Written mainly by developing-country authors in consultation with local
businesses and communities, the case studies contribute to our
understanding of the ways in which low-income communities are dealing
with trade as a practical challenge, especially in the Asia-Pacific
region where approximately two-thirds of the world’s poor live. While
making it clear that there is no ‘one size fits all’ formula, the
research and stories highlight a number of necessary preconditions, such
as political commitment and cooperation at all levels, if trade is to
successfully reduce poverty.
Openness to trade, serious commitment to domestic reform, trade-related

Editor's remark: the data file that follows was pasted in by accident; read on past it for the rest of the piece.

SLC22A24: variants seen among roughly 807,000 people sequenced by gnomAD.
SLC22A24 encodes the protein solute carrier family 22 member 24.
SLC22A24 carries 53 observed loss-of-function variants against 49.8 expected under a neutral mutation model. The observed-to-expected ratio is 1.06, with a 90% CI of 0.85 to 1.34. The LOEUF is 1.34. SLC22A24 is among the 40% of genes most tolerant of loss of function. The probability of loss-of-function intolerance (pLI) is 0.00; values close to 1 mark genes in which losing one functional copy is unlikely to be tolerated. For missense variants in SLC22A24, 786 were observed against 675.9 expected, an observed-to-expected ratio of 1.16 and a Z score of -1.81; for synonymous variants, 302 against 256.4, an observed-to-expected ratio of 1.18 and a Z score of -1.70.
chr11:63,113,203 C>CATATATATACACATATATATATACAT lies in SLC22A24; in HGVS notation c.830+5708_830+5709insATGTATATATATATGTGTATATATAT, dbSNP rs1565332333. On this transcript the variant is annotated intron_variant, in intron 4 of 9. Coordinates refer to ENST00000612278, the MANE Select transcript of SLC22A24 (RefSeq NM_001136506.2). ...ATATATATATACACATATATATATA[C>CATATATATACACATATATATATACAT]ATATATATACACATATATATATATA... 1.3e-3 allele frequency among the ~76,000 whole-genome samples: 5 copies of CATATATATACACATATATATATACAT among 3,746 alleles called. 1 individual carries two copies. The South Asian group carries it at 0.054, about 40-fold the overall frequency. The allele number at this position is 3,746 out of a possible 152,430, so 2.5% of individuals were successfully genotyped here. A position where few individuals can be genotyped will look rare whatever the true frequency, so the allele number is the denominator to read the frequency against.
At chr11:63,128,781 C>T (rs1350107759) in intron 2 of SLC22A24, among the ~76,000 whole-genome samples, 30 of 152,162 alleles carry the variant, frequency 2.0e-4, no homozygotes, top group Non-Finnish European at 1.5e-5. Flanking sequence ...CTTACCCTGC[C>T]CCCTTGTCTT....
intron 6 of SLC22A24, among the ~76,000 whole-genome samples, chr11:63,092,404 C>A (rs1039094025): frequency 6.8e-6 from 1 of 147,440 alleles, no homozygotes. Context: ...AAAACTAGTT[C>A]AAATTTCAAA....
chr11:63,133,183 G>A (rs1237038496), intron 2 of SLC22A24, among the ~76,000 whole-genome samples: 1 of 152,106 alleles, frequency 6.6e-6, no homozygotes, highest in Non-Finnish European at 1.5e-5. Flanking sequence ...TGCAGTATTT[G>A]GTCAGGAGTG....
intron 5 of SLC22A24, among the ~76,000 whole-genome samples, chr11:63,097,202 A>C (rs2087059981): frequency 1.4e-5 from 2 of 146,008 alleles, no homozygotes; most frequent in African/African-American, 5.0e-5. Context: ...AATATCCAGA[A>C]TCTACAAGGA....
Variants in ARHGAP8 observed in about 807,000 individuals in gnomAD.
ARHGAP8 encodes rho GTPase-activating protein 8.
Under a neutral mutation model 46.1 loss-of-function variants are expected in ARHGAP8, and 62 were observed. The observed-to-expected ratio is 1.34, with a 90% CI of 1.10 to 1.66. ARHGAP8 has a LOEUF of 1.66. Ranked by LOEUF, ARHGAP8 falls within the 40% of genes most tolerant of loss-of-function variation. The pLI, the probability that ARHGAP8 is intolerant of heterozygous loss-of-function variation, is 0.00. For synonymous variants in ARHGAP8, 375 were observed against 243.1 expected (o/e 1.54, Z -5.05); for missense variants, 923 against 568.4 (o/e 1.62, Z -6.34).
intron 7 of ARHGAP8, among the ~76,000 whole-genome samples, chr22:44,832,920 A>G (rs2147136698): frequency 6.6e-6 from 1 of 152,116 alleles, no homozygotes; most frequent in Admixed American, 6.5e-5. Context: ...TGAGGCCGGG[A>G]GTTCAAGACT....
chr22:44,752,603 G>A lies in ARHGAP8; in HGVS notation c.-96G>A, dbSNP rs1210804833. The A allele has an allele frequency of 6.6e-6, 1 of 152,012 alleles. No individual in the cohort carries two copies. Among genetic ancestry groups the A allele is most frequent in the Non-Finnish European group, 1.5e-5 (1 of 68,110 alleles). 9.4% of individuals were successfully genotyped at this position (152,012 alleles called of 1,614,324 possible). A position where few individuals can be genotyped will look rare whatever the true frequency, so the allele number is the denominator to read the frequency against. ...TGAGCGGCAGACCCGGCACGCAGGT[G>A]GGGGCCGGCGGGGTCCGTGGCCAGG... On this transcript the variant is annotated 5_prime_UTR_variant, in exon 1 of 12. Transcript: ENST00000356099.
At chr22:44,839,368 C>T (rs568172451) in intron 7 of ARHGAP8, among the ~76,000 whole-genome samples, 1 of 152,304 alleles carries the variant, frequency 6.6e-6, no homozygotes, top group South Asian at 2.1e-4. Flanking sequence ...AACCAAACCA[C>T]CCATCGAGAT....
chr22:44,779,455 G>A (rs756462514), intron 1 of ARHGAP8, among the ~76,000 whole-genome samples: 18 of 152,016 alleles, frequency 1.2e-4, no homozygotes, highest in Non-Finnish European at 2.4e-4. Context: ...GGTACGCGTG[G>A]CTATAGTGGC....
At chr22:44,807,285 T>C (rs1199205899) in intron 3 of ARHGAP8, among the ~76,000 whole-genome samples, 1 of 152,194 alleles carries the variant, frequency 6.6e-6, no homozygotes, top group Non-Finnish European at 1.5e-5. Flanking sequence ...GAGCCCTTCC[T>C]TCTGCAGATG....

capacity building, a robust and responsible private sector and access to
the markets of developed countries are all identified as powerful tools
for building trade-related sustainable development.
Edited by Andrew L. Stoler (University of Adelaide), Jim Redden
(University of Adelaide) and Lee Ann Jackson (World Trade Organization).
Published in 2009
pdf of Table of Contents and Introduction
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